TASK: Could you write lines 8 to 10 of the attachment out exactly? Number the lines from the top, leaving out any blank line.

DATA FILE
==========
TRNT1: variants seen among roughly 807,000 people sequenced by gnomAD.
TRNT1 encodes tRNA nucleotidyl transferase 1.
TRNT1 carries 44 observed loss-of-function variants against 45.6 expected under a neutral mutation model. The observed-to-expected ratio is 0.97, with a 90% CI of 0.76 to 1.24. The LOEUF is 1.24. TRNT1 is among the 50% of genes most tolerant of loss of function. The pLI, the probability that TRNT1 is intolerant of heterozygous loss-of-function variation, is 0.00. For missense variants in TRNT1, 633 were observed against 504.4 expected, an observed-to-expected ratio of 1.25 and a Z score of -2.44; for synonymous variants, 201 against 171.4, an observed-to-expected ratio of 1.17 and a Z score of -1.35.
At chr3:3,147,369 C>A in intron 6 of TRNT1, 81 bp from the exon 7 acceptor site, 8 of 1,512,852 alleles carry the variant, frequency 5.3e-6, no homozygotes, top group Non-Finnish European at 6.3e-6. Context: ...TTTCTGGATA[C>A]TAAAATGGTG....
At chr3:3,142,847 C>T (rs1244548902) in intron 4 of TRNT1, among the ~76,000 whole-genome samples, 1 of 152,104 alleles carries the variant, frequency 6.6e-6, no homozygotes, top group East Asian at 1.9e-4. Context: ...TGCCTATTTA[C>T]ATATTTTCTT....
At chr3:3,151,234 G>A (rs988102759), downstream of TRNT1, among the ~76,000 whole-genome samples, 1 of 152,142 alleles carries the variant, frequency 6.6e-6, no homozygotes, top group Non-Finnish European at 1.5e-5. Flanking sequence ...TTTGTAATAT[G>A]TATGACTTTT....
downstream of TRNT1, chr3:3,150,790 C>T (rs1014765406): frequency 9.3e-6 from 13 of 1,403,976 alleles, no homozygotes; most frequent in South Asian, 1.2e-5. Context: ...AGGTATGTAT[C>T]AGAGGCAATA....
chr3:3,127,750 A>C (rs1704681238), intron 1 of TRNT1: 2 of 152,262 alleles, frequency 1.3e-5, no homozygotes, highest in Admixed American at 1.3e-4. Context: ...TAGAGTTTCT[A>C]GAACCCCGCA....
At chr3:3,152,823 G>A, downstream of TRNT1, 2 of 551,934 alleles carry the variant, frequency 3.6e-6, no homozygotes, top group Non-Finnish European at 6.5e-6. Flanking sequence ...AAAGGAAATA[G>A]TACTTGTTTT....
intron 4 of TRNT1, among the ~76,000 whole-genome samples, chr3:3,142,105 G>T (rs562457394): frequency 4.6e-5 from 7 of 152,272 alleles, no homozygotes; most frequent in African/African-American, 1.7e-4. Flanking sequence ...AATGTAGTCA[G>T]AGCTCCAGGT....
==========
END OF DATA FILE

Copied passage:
chr3:3,127,750 A>C (rs1704681238), intron 1 of TRNT1: 2 of 152,262 alleles, frequency 1.3e-5, no homozygotes, highest in Admixed American at 1.3e-4. Context: ...TAGAGTTTCT[A>C]GAACCCCGCA....
At chr3:3,152,823 G>A, downstream of TRNT1, 2 of 551,934 alleles carry the variant, frequency 3.6e-6, no homozygotes, top group Non-Finnish European at 6.5e-6. Flanking sequence ...AAAGGAAATA[G>A]TACTTGTTTT....
intron 4 of TRNT1, among the ~76,000 whole-genome samples, chr3:3,142,105 G>T (rs562457394): frequency 4.6e-5 from 7 of 152,272 alleles, no homozygotes; most frequent in African/African-American, 1.7e-4. Flanking sequence ...AATGTAGTCA[G>T]AGCTCCAGGT....